The State Of Water In The World

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Despite kickstarting with Brexit uncertainty, 2019 promises to be another exciting year for the global water market. From microplastics and smart networks, through to a golden era for wastewater in emerging countries, predictions for this year are both ambitious and exciting. We speak to global water experts, from associations, to water utilities and engineering companies, to find out what they believe will be the biggest challenges and opportunities over the next 12 months. Kala Vairavamoorthy, executive director at International Water Association (IWA), tells us that 2019 is the year zero to implement the new IWA strategy, drawing exceptional professionals from 130 countries, all working to address the world’s most urgent water challenges when and where they arise, from ridge to reef and from catchment to tap. With increasing global change pressures cities of the future will experience difficulties in efficiently managing scarcer and less reliable water resources. In order to meet these challenges, there is a need for a fundamental change in the way we manage urban water based on a foundation of research, technology and innovation. The new normal for all sectors, including the water sector is a low-carbon economy and water needs to play an active role in climate mitigation. The circular economy is key to decoupling economic group from water consumption, moving us away from the conventional ‘take-make-consume and dispose’ model of growth. Against such mounting global pressures, the dawn of the digital water economy will prove transformational in positioning the water sector and its customers for resilience and efficient economic development, finding sustainable pathways for people and systems to persist, adapt, and transform in the face of change.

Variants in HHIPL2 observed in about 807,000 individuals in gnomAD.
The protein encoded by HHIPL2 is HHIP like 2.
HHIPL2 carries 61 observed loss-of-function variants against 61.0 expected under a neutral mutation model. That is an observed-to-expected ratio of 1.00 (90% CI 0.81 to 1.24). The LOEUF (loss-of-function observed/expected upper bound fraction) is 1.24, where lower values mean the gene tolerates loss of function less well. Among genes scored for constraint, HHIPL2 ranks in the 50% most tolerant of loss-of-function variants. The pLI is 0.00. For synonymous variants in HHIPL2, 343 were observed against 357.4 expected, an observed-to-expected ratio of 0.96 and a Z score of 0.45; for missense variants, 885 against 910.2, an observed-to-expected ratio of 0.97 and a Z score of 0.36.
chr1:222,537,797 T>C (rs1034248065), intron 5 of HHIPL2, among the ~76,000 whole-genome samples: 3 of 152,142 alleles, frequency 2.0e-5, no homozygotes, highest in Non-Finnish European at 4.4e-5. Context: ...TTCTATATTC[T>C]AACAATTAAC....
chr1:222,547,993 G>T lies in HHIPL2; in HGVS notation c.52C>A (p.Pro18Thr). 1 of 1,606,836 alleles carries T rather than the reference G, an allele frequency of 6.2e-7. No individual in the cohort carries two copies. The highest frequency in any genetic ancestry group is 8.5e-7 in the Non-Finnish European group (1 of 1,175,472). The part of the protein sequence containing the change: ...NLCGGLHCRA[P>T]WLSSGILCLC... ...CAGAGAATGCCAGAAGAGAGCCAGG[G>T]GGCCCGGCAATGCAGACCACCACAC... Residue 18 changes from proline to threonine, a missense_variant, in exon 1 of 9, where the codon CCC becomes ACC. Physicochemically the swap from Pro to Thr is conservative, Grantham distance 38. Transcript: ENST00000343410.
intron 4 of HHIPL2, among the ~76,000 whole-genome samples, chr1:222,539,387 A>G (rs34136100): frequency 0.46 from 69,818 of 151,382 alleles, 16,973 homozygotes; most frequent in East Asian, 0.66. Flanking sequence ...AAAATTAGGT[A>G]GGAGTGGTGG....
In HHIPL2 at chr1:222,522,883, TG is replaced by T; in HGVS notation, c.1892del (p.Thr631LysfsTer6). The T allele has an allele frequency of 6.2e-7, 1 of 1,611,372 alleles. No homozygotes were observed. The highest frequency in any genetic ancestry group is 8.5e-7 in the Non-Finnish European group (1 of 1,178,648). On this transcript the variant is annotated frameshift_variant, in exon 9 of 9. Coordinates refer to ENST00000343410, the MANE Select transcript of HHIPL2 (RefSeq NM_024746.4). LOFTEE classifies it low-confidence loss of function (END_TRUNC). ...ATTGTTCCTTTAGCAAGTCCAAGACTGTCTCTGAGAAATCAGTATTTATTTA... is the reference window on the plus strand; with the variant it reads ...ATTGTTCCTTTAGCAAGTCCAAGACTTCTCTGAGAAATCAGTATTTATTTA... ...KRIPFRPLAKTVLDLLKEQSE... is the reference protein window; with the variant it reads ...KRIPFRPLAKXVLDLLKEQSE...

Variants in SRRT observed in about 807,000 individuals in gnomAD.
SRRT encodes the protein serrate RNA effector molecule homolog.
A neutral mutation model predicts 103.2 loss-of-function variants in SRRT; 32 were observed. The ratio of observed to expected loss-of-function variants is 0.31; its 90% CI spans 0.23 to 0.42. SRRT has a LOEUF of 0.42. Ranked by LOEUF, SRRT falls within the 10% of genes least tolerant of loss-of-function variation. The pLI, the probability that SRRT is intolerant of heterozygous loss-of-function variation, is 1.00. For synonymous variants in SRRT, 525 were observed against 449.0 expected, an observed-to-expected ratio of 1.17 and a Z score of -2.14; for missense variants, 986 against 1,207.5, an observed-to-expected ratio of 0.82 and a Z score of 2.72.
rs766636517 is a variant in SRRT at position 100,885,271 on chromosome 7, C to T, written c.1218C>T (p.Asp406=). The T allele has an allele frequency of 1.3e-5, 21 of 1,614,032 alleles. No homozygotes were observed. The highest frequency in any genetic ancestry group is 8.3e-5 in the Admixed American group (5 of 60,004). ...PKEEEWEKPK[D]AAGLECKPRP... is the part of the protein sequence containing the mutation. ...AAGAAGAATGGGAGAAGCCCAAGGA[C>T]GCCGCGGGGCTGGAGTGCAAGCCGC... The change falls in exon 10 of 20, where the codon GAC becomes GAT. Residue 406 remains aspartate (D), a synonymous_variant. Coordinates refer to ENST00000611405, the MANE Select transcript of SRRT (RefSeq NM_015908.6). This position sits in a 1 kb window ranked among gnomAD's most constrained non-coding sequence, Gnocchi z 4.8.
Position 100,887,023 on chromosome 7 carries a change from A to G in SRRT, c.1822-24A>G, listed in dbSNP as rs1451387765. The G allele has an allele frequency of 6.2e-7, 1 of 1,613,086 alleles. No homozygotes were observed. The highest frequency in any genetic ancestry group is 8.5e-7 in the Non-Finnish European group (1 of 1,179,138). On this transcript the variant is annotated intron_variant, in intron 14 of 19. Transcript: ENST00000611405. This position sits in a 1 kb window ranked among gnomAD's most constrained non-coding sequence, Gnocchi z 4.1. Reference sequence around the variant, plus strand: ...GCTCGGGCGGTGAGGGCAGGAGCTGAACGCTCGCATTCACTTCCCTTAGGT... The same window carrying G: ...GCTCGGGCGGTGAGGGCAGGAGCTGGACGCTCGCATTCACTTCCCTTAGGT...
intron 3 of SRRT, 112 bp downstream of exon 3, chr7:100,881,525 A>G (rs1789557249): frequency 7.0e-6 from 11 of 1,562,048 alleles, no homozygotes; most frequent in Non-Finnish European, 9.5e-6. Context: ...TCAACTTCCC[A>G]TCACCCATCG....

– World Water Development Report

While challenging, global change also offers opportunities to implement a new paradigm for urban water management. This is particularly the case in emerging economies, where systems are yet to be built.

Development plans will allow direct implementation of radically different system configurations: where surface water, groundwater and stormwater are combined as potential sources; where innovative solutions are applied that allow source separation of wastes and implementation of reclamation schemes (wastewater recycling, nutrient and energy recovery schemes); and where mixed land-use development promotes cascading water uses.

The next 10 years will be a golden era for emerging economies (particularly for wastewater and sanitation), where the potential to leap-frog is great.

WA is inspiring the international water sector to adopt a more smarter approach to water management; Smart by design –adaptive ‘off-grid’, distributed systems that provide diversity, and modularity, characteristics critical for resiliency; Smart Use; combining concepts of water fit for purpose (different grades for different uses), and resource recovery and reuse (of water, energy, and nutrients from wastewater); and Smart Control; IoT supporting data-driven models that can help integrate and optimize smart pumps, valves, sensors and actuators, each device can “talk” to each other, or for that matter to a customer’s smartphone and send real-time information to be access and shared via the cloud.


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